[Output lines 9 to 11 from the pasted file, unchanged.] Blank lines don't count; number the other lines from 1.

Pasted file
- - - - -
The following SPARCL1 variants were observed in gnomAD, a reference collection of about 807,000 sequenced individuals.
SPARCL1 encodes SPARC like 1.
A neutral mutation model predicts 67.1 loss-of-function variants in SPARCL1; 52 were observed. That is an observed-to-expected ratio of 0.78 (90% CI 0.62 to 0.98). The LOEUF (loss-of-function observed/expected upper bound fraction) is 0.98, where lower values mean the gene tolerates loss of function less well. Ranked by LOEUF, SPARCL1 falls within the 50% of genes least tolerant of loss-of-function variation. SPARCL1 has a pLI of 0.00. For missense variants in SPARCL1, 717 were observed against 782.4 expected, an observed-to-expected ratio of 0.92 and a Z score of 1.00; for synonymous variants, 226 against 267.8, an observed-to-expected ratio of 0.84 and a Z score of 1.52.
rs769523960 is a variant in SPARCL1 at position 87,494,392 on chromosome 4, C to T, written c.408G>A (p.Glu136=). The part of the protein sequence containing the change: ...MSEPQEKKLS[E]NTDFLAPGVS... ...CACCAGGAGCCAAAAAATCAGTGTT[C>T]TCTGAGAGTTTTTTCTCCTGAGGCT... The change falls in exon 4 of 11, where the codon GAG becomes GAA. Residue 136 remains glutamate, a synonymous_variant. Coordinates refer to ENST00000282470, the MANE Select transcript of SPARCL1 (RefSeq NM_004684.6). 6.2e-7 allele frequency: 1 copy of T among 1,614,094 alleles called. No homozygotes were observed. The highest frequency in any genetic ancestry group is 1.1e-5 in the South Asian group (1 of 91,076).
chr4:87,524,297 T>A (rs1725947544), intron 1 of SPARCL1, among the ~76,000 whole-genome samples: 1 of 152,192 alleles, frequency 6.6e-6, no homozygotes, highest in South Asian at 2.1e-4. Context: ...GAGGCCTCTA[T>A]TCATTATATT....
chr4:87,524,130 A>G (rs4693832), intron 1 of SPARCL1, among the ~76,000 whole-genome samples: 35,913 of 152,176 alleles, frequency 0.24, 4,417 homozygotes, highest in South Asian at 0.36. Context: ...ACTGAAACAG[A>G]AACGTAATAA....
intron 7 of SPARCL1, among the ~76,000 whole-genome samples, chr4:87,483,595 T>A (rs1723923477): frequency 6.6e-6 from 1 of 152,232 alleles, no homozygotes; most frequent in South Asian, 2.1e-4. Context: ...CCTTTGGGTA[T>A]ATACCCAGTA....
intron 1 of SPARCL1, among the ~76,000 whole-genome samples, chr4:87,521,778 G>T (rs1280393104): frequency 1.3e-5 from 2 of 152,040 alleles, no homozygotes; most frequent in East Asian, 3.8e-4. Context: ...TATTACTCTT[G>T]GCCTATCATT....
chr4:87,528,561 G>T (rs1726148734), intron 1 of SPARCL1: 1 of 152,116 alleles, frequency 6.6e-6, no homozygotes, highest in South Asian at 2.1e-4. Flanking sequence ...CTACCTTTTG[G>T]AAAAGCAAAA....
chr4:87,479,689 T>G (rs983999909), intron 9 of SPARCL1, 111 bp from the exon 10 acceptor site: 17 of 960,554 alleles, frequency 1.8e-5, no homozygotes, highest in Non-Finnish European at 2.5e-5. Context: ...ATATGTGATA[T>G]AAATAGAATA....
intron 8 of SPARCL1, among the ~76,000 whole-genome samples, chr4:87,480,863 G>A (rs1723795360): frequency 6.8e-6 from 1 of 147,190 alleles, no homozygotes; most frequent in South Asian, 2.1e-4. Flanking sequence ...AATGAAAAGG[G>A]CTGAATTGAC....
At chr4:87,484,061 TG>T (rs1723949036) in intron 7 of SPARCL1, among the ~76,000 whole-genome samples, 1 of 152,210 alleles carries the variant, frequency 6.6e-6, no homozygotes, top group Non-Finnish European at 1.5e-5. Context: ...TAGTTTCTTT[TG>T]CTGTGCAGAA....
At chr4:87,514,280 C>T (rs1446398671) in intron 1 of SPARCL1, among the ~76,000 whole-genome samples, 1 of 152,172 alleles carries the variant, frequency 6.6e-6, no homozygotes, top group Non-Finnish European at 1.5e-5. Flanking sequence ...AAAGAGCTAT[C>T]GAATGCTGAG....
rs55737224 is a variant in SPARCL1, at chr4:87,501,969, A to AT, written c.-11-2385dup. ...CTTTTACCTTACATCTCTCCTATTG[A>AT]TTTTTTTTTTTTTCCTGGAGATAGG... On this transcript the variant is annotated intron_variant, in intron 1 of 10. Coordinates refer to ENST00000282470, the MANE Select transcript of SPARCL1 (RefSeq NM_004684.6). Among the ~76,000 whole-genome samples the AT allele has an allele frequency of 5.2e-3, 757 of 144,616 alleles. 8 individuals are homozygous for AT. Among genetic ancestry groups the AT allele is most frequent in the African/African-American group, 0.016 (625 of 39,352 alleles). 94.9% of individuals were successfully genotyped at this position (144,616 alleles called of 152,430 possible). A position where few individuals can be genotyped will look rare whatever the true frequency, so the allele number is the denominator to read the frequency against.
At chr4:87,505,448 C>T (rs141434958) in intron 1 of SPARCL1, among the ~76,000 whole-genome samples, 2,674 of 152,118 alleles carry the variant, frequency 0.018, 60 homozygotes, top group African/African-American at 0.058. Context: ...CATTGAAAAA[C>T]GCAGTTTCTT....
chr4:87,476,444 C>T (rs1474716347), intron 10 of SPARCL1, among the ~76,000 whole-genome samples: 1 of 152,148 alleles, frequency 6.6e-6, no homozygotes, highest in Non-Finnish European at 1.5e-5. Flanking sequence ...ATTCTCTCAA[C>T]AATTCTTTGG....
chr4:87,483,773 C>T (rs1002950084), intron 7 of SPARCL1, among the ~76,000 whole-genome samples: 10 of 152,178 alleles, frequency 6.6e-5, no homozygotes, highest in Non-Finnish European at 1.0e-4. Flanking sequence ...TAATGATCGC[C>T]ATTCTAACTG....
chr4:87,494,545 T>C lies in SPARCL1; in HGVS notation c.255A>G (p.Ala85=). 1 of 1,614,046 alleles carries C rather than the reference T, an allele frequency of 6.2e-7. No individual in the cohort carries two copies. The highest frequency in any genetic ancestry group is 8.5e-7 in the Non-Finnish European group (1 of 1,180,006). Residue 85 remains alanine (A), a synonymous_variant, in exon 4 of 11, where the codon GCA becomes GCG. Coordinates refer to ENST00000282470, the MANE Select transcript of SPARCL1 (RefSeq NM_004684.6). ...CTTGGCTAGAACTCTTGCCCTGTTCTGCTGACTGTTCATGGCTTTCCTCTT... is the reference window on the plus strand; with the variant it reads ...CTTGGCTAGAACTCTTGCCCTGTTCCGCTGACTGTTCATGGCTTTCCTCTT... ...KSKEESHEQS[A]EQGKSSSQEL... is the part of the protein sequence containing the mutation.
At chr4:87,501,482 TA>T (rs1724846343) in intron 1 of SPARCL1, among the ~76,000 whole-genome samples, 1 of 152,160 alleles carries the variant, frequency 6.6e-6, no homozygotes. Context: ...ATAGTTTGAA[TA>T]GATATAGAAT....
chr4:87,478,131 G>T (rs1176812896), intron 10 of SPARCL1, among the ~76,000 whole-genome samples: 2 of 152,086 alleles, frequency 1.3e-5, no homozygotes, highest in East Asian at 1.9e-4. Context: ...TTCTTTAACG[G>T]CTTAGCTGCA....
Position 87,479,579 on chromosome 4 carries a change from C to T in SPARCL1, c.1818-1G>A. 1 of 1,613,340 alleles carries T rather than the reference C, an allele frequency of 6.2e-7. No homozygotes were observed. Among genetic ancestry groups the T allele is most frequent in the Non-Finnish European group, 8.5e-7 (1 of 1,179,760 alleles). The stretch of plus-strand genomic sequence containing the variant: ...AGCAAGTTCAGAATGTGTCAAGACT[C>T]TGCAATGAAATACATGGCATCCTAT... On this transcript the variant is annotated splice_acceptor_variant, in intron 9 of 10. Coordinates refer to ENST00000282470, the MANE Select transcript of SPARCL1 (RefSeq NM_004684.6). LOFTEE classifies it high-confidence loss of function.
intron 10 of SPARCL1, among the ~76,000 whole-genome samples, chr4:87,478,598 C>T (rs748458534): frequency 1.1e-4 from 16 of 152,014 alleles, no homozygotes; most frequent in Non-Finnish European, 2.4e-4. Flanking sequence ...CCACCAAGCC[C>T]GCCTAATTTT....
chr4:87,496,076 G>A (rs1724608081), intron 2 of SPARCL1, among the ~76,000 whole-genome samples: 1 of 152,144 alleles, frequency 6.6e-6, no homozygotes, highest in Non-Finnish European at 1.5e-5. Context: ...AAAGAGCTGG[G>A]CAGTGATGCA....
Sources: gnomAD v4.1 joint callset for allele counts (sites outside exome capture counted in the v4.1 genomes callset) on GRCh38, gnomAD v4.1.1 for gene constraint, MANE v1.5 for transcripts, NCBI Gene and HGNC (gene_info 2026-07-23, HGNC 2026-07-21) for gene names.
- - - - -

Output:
chr4:87,528,561 G>T (rs1726148734), intron 1 of SPARCL1: 1 of 152,116 alleles, frequency 6.6e-6, no homozygotes, highest in South Asian at 2.1e-4. Flanking sequence ...CTACCTTTTG[G>T]AAAAGCAAAA....
chr4:87,479,689 T>G (rs983999909), intron 9 of SPARCL1, 111 bp from the exon 10 acceptor site: 17 of 960,554 alleles, frequency 1.8e-5, no homozygotes, highest in Non-Finnish European at 2.5e-5. Context: ...ATATGTGATA[T>G]AAATAGAATA....
intron 8 of SPARCL1, among the ~76,000 whole-genome samples, chr4:87,480,863 G>A (rs1723795360): frequency 6.8e-6 from 1 of 147,190 alleles, no homozygotes; most frequent in South Asian, 2.1e-4. Flanking sequence ...AATGAAAAGG[G>A]CTGAATTGAC....